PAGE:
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    Cemetery behind New Brittain Church has gravesites of a number of Patriots who fought at the Battle of Kings Mountain. New Brittain Church, a few miles north of Rutherfordton, NC.
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    Marlin's Knob, from the site of the Oct 3rd 1780 Overmountain encampment, NC.
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    Walking the Overmountain Victory trail requires respecting the traffic. On HW 64 between Morganton and Rutherfordton, NC.
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    Lycopodium obscurum, also called Princess Pine, Tree Club Moss and Ground Pine. From camp near Bedfords Hill Encampment between Morganton and Rutherfordton, NC.
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    Sun rise throguh fog from field near Bedfords Hill Encampment between Morganton and Rutherfordton, NC.
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    Rural scene near Chesnee , SC.
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    Painting at Cowpens National Battle Field entrance. Near Gaffney SC.
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    Overmountain Victory Trail at Cowpens National Battlefield. Near Gaffney, SC. The Battle of Cowpens which occured a few months after the Battle of Kings Mountain was another victory for Washingtons Continental Army and Patriot militia.
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    Original trace of the road the Overmountain Men used to access Kings Mountain and surround Major Ferguson's Loyalists. Kings Mountain Military Park, South Carolina.
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    Myself at the entrance to Kings Mountain National Military Park. Nearing the completion of my walk of the Overmountain Victory National Historic Trail. South Carolina. October 21, 2017.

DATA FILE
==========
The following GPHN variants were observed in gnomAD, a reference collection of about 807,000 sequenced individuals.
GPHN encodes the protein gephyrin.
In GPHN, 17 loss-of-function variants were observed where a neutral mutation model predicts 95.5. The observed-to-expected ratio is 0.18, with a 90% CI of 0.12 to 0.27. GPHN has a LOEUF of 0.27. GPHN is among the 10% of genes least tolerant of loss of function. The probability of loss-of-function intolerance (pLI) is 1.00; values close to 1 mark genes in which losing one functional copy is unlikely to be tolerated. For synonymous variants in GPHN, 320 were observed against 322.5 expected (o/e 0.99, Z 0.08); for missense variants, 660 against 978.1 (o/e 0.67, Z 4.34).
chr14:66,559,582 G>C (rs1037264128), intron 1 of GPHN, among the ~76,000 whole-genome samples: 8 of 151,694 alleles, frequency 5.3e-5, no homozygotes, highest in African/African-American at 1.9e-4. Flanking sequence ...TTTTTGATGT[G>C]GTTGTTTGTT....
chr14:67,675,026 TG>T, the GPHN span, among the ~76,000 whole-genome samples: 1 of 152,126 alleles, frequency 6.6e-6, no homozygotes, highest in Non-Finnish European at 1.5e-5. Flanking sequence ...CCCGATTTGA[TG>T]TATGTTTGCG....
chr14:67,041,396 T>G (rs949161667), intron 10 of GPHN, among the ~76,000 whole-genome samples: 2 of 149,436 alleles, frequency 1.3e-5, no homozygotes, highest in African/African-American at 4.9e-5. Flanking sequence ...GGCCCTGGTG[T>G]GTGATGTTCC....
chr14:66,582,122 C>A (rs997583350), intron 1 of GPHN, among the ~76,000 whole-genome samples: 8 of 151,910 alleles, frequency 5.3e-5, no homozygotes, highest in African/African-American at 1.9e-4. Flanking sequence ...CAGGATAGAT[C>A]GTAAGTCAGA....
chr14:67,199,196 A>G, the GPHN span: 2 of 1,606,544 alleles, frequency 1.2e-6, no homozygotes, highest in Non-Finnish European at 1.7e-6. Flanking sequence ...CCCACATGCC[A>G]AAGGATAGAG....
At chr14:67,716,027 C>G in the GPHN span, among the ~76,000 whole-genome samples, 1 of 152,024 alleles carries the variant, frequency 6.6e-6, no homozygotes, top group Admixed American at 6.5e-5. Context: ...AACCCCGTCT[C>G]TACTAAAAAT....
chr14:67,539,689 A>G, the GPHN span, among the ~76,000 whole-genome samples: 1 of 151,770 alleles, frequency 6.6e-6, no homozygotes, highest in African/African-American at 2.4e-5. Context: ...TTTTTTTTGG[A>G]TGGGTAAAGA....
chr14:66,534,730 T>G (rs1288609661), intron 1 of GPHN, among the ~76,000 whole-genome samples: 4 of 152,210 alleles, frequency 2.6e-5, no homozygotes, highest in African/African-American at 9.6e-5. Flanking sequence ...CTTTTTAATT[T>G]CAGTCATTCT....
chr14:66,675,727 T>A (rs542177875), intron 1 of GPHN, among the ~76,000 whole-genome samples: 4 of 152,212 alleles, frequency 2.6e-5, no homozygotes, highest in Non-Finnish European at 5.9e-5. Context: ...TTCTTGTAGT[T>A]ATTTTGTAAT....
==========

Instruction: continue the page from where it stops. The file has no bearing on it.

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    Myself at the entrance to Kings Mountain National Military Park. Nearing the completion of my walk of the Overmountain Victory National Historic Trail. South Carolina.g

Summary of the Trail




1980 - Overmountain Victory NHT

Tracing 330 miles of American Revolutionary War history, the Overmountain Victory National Historic Trail crosses part of Virginia, Tennessee, North Carolina and South Carolina.  When first established as an NT it was not well known - yet its story is key to American history.  Noted by Thomas Jefferson as a major turning point of the Revolution, this Trail commemorates the journey of the Overmountain Men, a group of 2,000 backwoods patriots, who sought to defeat British loyalists during the Southern Campaign of 1780.  That September, men gathered at various points along the route, such as Abingdon, Virginia and Sycamore Shoals, Tennessee, and rode hundreds of miles in 14 days, finally catching up with the British at Kings Mountain, South Carolina. There they defeated Major Patrick Ferguson and his loyalist followers, killing or capturing every one.  This skirmish helped turn the tide against the British during the Revolutionary War.  The Trail was added to the National Trails System during its bicentennial year of 1980.  Today it is administered by the National Parks Service with help of many partners including the Overmountain Victory Trail Association. 

(Sherer, Glenn, 2002, "America's National Trails: Journeys across Land and Time", Guilford CT: Falcon        
Press, pp. 10-12, and the OVTA website)